Port au Port Peninsula
The Port au Port Peninsula (French: Péninsule de Port-au-Port, Mi'kmaq: Kitpu) is a peninsula in the Canadian province of Newfoundland and Labrador. Roughly triangular in shape, it is located on the west coast of the island of Newfoundland.
The peninsula extends into the Gulf of St. Lawrence and is joined to Newfoundland by a narrow isthmus connecting at the town of Port au Port. It is bounded on the south by Bay St. George, the western side by the Gulf of St. Lawrence, and on the northwestern side by Port au Port Bay.
With a rocky shoreline measuring approximately 130 km in length, the peninsula extends approximately 40 km west from its isthmus to Cape St. George and northwest 50 km to the fingerlike Long Point which by itself is approximately 25 km in length. The eastern shore of the peninsula is irregular, jutting into Port au Port Bay.
The Port au Port Peninsula is located on the western edge of the heavily eroded Appalachian Mountain chain which runs along Newfoundland's west coast. There are no natural harbours along the peninsula's rocky coastline. The peninsula was once heavily forested but many areas along its shores have been cleared for subsistence farming.
The southern shore is hilly with the northern shore having a sloping lowland extending to a low rise along the centre of the eastern part of the peninsula. The geological structure is complex with the peninsula's sedimentary strata dating to the middle Cambrian to early Ordovician continental margin, creating a carbonate platform of limestone, shale, and sandstone. The heavily folded geological structure in the area has been identified as having an unknown amount of petroleum reserves.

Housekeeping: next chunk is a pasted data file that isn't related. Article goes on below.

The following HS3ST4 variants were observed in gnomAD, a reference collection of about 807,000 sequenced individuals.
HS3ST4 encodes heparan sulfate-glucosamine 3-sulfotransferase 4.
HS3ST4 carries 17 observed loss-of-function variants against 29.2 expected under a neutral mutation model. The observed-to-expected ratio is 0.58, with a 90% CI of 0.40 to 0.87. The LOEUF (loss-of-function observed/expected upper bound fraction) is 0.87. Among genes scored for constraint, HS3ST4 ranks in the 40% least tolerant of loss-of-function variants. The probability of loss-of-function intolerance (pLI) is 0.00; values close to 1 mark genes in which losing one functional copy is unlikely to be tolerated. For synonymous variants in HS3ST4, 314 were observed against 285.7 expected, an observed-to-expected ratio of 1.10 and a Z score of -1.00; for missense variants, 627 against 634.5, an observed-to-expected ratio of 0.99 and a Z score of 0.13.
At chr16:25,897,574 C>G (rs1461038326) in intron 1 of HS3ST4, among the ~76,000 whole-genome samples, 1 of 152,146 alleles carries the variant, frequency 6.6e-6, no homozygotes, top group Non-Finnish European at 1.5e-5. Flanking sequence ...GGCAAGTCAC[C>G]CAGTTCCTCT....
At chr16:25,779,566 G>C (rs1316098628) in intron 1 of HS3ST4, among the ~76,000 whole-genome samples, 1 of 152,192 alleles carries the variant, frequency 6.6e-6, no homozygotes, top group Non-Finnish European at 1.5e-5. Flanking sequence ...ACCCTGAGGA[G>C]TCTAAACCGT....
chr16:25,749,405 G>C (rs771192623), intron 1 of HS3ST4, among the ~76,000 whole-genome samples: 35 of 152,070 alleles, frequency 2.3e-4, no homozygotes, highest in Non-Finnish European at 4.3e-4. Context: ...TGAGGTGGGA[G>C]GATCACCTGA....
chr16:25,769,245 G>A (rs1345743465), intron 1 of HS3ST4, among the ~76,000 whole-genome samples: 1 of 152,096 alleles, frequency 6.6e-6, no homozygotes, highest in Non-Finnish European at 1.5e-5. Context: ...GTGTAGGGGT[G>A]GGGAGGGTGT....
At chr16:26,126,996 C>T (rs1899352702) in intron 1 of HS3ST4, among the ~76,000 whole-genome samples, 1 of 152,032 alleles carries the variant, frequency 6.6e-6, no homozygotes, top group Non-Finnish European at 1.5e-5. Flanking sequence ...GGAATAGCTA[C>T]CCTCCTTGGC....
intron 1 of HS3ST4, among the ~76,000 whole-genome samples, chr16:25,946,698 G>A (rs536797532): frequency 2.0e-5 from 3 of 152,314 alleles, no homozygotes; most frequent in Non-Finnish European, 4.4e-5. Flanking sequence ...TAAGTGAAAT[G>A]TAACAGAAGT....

The area was named "Ophor portu" (port of rest) by Basque fishermen during the 16th-17th centuries. French and Basque fishermen used the west coast of Newfoundland, including the Port au Port Peninsula, for seasonal fishing settlements, however some began permanently inhabiting the area. Mi'kmaq families were also present in the area.
During and after the Treaty of Utrecht in 1713 and Treaty of Paris in 1763, France retained the right to use of the west coast of the island. This area came to be known as the "French Shore" and the Port au Port Peninsula was at its centre.
Scattered settlement continued in the area until 1904 when France relinquished its right of use to the "French Shore". The Port au Port Peninsula represents the most varied ethnic and linguistic mix in the entire island of Newfoundland, including Mi'kmaq families with the highest proportion of French-speaking settlement on the island (15%).
The French minority, a mix of Mi'kmaq, Acadian, French and Basque, has had an important influence on the area's culture. Newfoundland's unique folk music has been somewhat influenced by musicians from the Port au Port Peninsula, notably Émile Benoît. Additionally, the area's strong Roman Catholic tradition is reflected in the high visibility accorded to churches throughout the peninsula's communities.
As the centre of the province's Franco-Newfoundlander community, the peninsula has been designated the only bilingual district on the island of Newfoundland since 1971.
The Port au Port Peninsula's economy is based on natural resources, namely fishing. Limited forestry takes place in the unsettled areas of the interior and a small amount of subsistence farming takes place along coastal areas. Many residents of the peninsula, particularly the communities at the eastern end near the isthmus, work in nearby Kippens and Stephenville.